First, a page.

Columbia attorney Carl L. Solomon was among the speakers featured recently at three one-day seminars sponsored by The National Center for Victims of Crime. These seminars were offered free to professionals in South Carolina who deal with crime victims.
The training seminars, titled Civil Justice for Victims of Crime in South Carolina, were geared toward educating victim advocates, law enforcement officers, mental health service providers, social workers, prosecutors and other public officials on civil legal options available to victims.
“Some 23 million Americans become victims of crime each year,” says Carl L. Solomon. “While the criminal courts may order restitution paid to the victim, this seldom covers all the monetary costs involved and offers nothing as compensation for the victim’s pain and suffering.” A civil action filed by the victim against the perpetrator allows the victim some control and holds the defendant accountable to the victim, regardless of whether there was a successful criminal prosecution. Solomon adds, “training seminars such of those offered by The National Center for Victims of Crime provide valuable information that those working with victims can communicate.”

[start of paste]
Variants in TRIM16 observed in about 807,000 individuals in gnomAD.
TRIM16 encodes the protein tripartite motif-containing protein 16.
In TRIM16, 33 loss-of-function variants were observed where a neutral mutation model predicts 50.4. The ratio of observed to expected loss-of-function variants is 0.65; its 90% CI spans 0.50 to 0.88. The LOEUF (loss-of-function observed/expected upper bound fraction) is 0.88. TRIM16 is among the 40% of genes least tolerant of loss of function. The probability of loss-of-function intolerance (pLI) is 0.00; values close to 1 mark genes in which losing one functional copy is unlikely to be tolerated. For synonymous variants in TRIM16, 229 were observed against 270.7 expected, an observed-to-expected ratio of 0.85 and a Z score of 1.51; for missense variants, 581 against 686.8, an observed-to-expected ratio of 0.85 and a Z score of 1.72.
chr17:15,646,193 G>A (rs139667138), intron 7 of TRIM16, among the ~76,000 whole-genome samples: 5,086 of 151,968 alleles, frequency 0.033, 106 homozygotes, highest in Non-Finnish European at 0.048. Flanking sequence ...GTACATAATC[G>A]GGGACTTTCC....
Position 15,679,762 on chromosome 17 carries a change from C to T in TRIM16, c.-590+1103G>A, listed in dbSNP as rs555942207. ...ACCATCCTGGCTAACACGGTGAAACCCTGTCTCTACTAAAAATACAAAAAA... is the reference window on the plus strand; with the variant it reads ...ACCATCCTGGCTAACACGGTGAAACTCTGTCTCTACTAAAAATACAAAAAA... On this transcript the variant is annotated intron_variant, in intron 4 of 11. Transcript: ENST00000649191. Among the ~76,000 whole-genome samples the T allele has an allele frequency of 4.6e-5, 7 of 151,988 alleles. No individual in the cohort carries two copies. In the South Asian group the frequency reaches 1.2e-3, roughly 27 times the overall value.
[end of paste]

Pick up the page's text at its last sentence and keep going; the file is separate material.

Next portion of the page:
The July 2009 seminars were co-sponsored by the SC Victim Assistance Network, SC Coalition Against Domestic Violence and Sexual Assault, the SC Department of Juvenile Justice, and the North Myrtle Beach Department of Public Safety.
Solomon is partner in the Gergel, Nickles and Solomon law firm which represents clients throughout South Carolina including Columbia, Charleston, Greenville, Spartanburg, Myrtle Beach, Beaufort, and Rock Hill. The firm handles serious injury cases, wrongful death, product liability, and other complex cases. The firm was founded in 1983 and has five attorneys admitted to practice in South Carolina.
The National Center for Victims of Crime is dedicated to forging a national commitment to help victims of crime rebuild their lives. The National Center’s toll-free Helpline, 1-800-FYI-CALL, offers supportive counseling, practical information about crime and victimization, and referrals to local community resources, as well as skilled advocacy in the criminal justice and social service systems.